HNMAG: How do you find time to balance work and family as a father?
Sheldon: Good question. I have three kids, one is 17, another’s 11 and my eldest is 20 who just graduated Vancouver Film School with his game programming certificate. I work pretty much full-time in the Financial Services sector as a Client Relationship Manager. The position allows me the flexibility I need when it comes to auditions and scheduling. I work from home most of the time and can go into the office when I need to. When Claire sends me an audition, I’ll just go downstairs to my little studio, set up all the stuff and submit a self-tape to her that night or the next day and it’s in the mix. With family, my kids are really independent. They do their thing, playing games or talking to their friends online or whatever. My wife’s now working from home as well, so it makes it easier having us all connected together as a family unit. We don’t have to be in each other’s faces but we’re all in the same space and can sense it on an emotional level I think. You kind of get that comfort feeling from being in the same space. We’ll get together for dinner and chill sometimes or go for walks. We all share a similar background. My daughters are very artistic, one is in the Vancouver Children’s Choir, and my son of course is a Gamer. In her past, my wife was into stage management for Theatre. Certain days we can all feel like we are in Will Ferrel’s “glass box of emotion”……but we manage.
HNMAG: Do you feel acting and filmmaking has helped you to become a better parent?
Sheldon: I think it’s helped me in being able to teach my kids to build their confidence. For example, if my youngest has a presentation in class and she’s nervous, I’ll talk to her and say “Hey, I’ve gone through this to, it’s the same thing when I go through an audition, I’m going into a room with a bunch of people I don’t know either but I’m also being asked to be someone that I’m not. At least you can still be who you are so it’s not so bad.” I think she finds it more calming that way, she doesn’t feel as anxious afterwards.
HNMAG: Have you ever considered making a film with the family as a project or activity?
Sheldon: To be honest, I’ve actually done it in commercials, where I’m cast as a dad in a family unit. I haven’t done anything on my own, I just don’t think they’re into it, they’re not into the acting side, they’re more on the technical side, the writing side, that kind of thing. I’ve tried that with my youngest and she’s not quite ready…..not yet…lol.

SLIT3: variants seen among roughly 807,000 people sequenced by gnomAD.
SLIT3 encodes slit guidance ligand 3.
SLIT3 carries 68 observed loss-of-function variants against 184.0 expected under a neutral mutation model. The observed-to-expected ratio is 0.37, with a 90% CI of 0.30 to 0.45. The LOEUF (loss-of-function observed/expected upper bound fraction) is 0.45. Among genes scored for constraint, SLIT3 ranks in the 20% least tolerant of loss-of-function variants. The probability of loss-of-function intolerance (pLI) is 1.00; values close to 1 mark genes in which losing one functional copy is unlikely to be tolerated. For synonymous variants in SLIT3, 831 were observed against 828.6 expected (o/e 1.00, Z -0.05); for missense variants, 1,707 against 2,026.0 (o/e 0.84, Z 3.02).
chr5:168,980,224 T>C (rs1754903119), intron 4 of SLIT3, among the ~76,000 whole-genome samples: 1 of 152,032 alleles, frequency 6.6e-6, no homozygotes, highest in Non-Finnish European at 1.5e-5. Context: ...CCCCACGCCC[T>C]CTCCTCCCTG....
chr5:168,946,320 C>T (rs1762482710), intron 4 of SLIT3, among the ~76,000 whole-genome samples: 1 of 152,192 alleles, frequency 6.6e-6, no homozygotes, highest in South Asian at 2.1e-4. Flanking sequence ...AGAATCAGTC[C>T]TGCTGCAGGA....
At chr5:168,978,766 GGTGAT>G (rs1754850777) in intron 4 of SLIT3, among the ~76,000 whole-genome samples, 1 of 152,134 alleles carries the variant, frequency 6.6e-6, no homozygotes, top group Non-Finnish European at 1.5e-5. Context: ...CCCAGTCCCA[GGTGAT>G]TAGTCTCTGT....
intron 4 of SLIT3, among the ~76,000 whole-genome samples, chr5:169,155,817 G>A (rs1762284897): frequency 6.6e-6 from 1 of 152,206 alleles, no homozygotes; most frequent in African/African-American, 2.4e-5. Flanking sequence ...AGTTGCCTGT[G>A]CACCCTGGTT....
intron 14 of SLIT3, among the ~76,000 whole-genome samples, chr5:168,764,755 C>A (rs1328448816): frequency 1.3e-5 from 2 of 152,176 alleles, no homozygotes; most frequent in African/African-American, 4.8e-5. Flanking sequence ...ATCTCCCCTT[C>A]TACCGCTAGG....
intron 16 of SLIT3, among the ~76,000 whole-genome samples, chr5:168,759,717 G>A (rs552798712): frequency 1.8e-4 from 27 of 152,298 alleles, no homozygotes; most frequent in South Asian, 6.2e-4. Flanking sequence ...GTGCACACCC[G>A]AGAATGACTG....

HNMAG: Besides the self-tapes, how else has COVID affected you as an actor and a filmmaker?
Sheldon: It’s really become the new normal, and even through my regular work we’ve had to adapt quite a bit. When you are used to having a physical workspace in an office it’s quite a change. My office’s location will be closed until at least January 1st and then if you want to go in you have to schedule a day for that. In terms of my clients, they’ve had to do the same. From an Acting point of view, I’ll be asked to come into the Casting office once in a while but the safety protocols are pretty strict and with my seasonal Asthma I’m a walking target right now, I’m all for “safety first”. I think the film industry has adapted pretty well, right now with the border being shut down, I think it’s a good time for local talent to be showcased. When things start opening up again, there’s a vaccine and the borders are open, then we’ll see it go back to the original state of being, but that’s going to be a while. Now’s the time for us to sharpen up our skills, if you’re an upcoming actor, now’s the time to take the courses and the online workshops when they used to be at a facility. I definitely feel September and October and going into the Fall will definitely pick up audition wise. For me, Claire has been sending me auditions each week for self-tapes (which I really appreciate…insert Agent plug here). As long as people are adhering to the rules and protocols, then I think there can be some order amongst the chaos.
HNMAG: Are there any projects you’re doing right now?
Sheldon: I was cast in an independent film that was scheduled for last fall, but they had to shut everything down because of COVID. I think that the director said he was planning on starting up again in the Fall. I was recently cast in another TV role but can’t say much more until after it airs due to privacy. It’s busy, definitely a juggling act, but it’s a passion as well. Life is life, how we manage it is the trick. Being an Actor and a Father is something I love and if I can make them both work then I’m enjoying the best of both roles right now. Everyone’s situation is going to be different. I made the effort when I joined the industry to get my education done first so I went to college and got my Certificate in Business Admin so that I would have a fallback (being a realist again). This way in case I decided to pull the plug, I wouldn’t be stuck waiting tables again. So right now, I’m just enjoying the best of both worlds I guess (laughs).